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Sunday, November 25, 2012 

Bob Greenberger's review of Sean Howe's Marvel bio reveals shortcoming in its latter part

Bob Greenberger, who was an editor at both Marvel and DC and also for magazines like Comics Scene, wrote about Sean Howe's Marvel Comics: The Untold Story. I'm not sure whether this is Howe's book or Greenberger's own take on what happened at the turn of the century, but what's told about Bill Jemas and Joe Quesada is disappointingly superficial:
Under [Ike] Perlmutter, Marvel and Toy Biz combined operations and brought Bill Jemas in as president and in turn, he elevated Joe Quesada to editor in chief. As Perlmutter and Avi Arad finally got Marvel on the right track in media, Jemas and Quesada fixed the House that Stan, Jack, and Steve built. Systematically, they tackled one franchise, starting with Spidey, then another, X-Men.
I expected it wouldn't be especially critical of the more modern executives in charge, but that doesn't make it any less galling, if no objective positions are taken or even referenced regarding Jemas and Quesada's hack jobs on Spider-Man and X-Men. The latter underwent 2 problems: one was a forcible mandate that the costumes must look just like the ones in the movies, and two that they brought in Grant Morrison as the writer and he only made it more unappealing and towards the end of his run did a horrible job on both Magneto and Jean Grey. And in Spidey's case, they brought in J. Michael Stracynski, whose left-liberal standings consumed his ego by that time and could be felt in the book at nearly every turn (one of the first stories he wrote was a metaphor for the Columbine massacre that reeked of apologia). Nor did JMS have much feel for Peter, or even Mary Jane, and that he would remain on the series even after Quesada supposedly retooled Sins Past casts doubt on his sincerity. Some fix-it job that was.
Editors rose and fell in favor with Jemas and once they lost his interest, they were quickly gone with a new target in his sight. Jemas was brash and cut through the malaise that a decade of uncertainty allowed to become the status quo. He was right that the continuity was cumbersome and the Ultimate line was a commercial stroke of genius.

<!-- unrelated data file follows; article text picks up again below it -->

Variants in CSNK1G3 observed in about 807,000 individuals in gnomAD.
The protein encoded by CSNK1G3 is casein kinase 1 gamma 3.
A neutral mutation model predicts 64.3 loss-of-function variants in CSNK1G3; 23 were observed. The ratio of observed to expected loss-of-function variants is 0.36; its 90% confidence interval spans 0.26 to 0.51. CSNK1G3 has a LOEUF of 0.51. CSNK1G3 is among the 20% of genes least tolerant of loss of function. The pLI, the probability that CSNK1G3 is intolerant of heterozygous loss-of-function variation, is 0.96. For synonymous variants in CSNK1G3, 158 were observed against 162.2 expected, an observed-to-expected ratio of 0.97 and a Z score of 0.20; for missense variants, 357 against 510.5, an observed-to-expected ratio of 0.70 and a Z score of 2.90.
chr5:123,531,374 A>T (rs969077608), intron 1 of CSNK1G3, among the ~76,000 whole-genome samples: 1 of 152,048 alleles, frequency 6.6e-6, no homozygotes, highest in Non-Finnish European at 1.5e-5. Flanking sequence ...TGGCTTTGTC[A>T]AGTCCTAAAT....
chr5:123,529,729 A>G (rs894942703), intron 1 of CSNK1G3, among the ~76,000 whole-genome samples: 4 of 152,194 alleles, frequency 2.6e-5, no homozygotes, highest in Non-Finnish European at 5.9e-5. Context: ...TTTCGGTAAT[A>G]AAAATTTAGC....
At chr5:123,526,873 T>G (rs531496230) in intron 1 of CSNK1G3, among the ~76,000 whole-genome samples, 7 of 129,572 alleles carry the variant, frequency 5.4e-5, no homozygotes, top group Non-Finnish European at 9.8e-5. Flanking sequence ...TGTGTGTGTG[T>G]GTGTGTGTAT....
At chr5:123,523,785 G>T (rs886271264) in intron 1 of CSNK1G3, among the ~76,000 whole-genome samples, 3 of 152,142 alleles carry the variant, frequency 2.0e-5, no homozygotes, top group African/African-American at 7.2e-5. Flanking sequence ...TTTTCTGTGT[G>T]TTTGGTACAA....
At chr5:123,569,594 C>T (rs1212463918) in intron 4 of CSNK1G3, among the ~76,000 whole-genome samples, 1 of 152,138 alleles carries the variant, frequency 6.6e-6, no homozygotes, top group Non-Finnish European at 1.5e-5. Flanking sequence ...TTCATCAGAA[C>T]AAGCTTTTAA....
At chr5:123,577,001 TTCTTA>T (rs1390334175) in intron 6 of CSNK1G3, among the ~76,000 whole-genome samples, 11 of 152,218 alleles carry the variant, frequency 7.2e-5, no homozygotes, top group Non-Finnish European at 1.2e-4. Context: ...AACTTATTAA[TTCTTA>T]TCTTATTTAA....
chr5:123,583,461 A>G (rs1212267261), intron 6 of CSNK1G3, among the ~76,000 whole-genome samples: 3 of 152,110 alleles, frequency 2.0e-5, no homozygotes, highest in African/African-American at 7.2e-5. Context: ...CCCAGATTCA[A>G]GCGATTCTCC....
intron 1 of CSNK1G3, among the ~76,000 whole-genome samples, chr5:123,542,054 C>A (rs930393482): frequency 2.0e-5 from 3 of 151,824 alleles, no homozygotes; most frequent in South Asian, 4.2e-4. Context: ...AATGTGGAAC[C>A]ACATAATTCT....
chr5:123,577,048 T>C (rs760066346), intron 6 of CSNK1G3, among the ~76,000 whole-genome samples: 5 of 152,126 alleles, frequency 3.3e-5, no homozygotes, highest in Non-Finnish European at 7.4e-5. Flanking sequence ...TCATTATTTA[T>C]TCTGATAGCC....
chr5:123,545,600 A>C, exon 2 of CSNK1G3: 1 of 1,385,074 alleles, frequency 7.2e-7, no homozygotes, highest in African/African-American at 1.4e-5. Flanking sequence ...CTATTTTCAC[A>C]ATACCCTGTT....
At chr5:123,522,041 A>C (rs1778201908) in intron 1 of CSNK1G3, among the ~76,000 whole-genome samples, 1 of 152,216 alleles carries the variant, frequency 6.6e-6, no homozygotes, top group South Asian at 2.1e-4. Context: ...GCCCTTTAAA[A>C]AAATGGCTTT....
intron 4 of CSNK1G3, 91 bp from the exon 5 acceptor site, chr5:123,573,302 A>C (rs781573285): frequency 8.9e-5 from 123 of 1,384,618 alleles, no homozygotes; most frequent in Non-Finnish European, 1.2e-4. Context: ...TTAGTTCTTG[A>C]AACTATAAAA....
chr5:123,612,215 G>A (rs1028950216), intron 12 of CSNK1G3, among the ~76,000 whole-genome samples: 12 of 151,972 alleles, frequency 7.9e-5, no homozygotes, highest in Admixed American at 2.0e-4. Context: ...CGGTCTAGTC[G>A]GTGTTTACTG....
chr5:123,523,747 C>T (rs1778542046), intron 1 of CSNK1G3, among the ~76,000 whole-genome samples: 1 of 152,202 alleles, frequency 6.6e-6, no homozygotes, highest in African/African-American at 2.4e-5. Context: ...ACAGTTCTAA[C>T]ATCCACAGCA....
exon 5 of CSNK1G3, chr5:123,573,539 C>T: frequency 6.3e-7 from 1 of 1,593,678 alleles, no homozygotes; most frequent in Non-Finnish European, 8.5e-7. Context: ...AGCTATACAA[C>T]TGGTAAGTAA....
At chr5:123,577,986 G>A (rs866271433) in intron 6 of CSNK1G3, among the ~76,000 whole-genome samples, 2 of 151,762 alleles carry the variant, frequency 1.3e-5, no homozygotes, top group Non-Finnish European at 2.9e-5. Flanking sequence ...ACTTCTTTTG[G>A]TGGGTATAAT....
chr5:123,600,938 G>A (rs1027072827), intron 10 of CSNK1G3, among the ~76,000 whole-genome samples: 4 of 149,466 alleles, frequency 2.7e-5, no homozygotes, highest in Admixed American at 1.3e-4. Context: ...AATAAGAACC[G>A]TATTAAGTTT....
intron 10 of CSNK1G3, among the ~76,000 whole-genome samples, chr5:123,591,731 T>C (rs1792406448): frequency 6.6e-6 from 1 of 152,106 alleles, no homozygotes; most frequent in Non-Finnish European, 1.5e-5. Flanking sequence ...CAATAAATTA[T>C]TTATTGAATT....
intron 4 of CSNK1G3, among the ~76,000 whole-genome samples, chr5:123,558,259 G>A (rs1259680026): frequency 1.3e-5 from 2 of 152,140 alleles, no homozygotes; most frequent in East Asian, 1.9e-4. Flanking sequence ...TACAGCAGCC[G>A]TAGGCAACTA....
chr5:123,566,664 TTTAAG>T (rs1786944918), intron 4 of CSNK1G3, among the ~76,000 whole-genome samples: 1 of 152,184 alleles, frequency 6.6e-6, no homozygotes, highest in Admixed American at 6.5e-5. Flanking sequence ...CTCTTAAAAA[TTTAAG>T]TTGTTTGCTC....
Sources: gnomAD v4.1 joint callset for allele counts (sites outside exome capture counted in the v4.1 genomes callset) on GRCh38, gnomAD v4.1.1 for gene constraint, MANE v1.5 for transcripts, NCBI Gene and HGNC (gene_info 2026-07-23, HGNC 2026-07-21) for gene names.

Oh, do tell us about it. A line where the X-Men and Ultimates were more adult than entry level, a landmark case of dishonest marketing laced with alienating violence and a needless redo of the Hank Pym as wife-abuser storyline, is really a stroke of genius? I don't think so. Nor do I agree one bit that the continuity was a problem, and it was doing well enough until Jemas and Quesada came along. The few things I would consider unworthy of continuity include the Clone Saga, something that could've just been done away with and disavowed, and that way continuity would've been a lot more stable. If Howe or Greenberger are apologizing/glossing over these cases all in favor of Jemas, who's not remembered very fondly by anybody today, that's a shame.
His successes let him have fun and he never tired of poking DC’s Paul Levtiz, Bob Wayne, and others. When he decided Marvel was withdrawing from the Comics Magazine Association of America in favor of an in-house ratings system, he packed the conference room with every former DC employee even though none had any business being in the room. It had to have been the most uncomfortable meeting Axel Alonso, Stuart Moore, Jenny Lee, or I ever attended.
What successes? He precipitated much of the sales-through-controversy and reduction to tabloid style publicity the medium was harmed by while he was in charge, and I don't recall many of their titles selling through the roof in sales charts. And while Levitz and Wayne were a bad lot too, Jemas' attacks on people like them were still in bad form for a professional businessman and weren't altruistic either. A very poor example indeed, and they just act like it's nothing?
Like Shooter before him, success led to a period of bizarre behavior that ultimately cost them their jobs. But under new President Dan Buckley, Quesada and Alonso, the company has set its sights on a future, organically working to achieve that goal. Howe once again misses a chance to analyze what this has meant across the board, skipping the rise of the Marvel Studios films, beginning with Iron Man and the cadre of Marvel talent consulting on them to keep them as close to the comics as is practical.
There's a difference: even Shooter never acted as sleazy as Jemas and Quesada did, and while Buckley's an improvement in personality, there's no organic direction anymore. Again, I'm not sure whether this is Howe or just Greenberger trying to be diplomatic, but reading this, I think it's very sad that what we have here is someone who won't do a more in depth take on why Marvel's lost so much of its audience, right down to the case of throwing Mary Jane Watson under the bus in Spider-Man's One More Day storyline. How are we supposed to believe then that the people who researched and wrote this book really love all that is Marvel if they don't take an objective approach to some of the worst steps made since the turn of the century?

That doesn't mean the book isn't without merits; I'm sure it's got plenty, but I figure they're more related to the older affairs of Marvel's business. A pity then if whatever it has to say about their steps since 2000 doesn't match up.

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